MEDWAY, Maine - Supporters of a national park in northern Maine have a lot more work to do to convince residents in one area town to support the proposal.
In a non-binding straw vote Tuesday, 252 Medway residents opposed the park, while 102 voters supported it.
Park opponents say the vote is proof that an expensive campaign to convince area residents to support the proposal isn't working. That campaign is being waged by Roxanne Quimby's son, Lucas St. Clair, and Elliotsville Plantation, Inc., the non-profit that manages Quimby's vast land holdings in the North Woods.
Under the proposal, Elliotsville would donate 100,000 acres of land toward the creation of a 75,000 acre national park between Baxter State Park and the East Branch of the Penobscot River, and a national recreation area of the same size. The remaining 50,000 acres would be purchased as the project moves forward and other land owners become willing to sell.
In recent months, Elliotsville has spent extensive time and money in an effort to sell the idea to skeptical residents in the Katahdin Region.
"We still have work to do in Medway," says David Farmer. Farmer is a spokesman for Elliotsville Plantation and Lucas St. Clair, who argues that a national park would create between 450 and 1,000 jobs and jump-start an economic revival in a region devastated by mill closures and the collapse of papermaking.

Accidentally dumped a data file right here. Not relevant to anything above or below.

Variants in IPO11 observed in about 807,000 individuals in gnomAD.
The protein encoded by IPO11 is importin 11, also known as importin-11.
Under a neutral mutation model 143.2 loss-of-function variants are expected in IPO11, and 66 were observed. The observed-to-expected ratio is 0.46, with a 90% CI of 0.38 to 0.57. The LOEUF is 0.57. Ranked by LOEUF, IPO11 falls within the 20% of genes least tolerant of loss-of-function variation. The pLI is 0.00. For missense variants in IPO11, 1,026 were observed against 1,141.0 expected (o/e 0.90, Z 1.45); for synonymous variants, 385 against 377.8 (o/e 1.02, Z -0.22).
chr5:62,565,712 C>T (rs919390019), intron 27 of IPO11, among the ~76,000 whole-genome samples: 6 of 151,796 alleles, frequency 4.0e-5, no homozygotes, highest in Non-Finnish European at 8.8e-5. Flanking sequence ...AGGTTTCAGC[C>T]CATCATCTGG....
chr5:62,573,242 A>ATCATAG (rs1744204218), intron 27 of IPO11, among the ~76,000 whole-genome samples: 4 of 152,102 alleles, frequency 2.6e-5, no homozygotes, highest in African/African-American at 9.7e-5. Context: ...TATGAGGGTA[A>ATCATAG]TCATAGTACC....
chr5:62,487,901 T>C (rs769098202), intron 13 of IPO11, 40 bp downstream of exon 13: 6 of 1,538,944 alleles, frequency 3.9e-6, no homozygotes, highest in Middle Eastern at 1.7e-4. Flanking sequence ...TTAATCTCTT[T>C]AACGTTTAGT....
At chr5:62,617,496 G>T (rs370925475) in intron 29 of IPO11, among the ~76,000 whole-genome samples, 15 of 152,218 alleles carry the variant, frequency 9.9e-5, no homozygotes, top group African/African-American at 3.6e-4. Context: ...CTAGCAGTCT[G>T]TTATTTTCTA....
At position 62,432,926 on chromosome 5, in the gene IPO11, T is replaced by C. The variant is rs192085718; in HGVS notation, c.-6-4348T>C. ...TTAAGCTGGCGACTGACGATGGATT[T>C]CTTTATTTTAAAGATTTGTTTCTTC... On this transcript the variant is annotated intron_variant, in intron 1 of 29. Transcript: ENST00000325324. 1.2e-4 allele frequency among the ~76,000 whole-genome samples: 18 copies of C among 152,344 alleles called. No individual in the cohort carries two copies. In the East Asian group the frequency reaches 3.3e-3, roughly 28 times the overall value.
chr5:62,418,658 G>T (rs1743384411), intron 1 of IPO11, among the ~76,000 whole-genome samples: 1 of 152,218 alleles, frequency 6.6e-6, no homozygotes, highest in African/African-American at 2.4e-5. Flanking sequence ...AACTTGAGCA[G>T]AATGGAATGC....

"Big ideas take time," Farmer says. "And we're going to continue to work in Medway and East Millinocket, which has an election coming up on Monday, to change hearts and minds and to tell the story, the opportunity that a park and recreation area could create."
The Katahdin Area Chamber of Commerce and the Medway Board of Selectmen are backing the proposal. But those endorsements did little to win over park opponents in Medway. Ted O'Meara is with the Maine Woods Coalition, a collection of Katahdin area groups fighting a proposed park and recreation area.
"It was pretty convincing," O'Meara says. "People in Medway, one of the towns that will be closest to the proposed park - that will be most impacted by it - resoundingly said no to the idea."
But O'Meara says that doesn't mean that a no vote was easy for some residents.
"We all know that area has really been rocked by the closure of the mills in Millinocket and East Millinocket. But I think it says the people in that area, they recognize they have vast forest resources, that they have hydropower, they have rail and a network of private roads. And the best use of them is not to wall it off and create a National Park."
East Millinocket residents will have their say on a proposed national park and recreation area on Monday.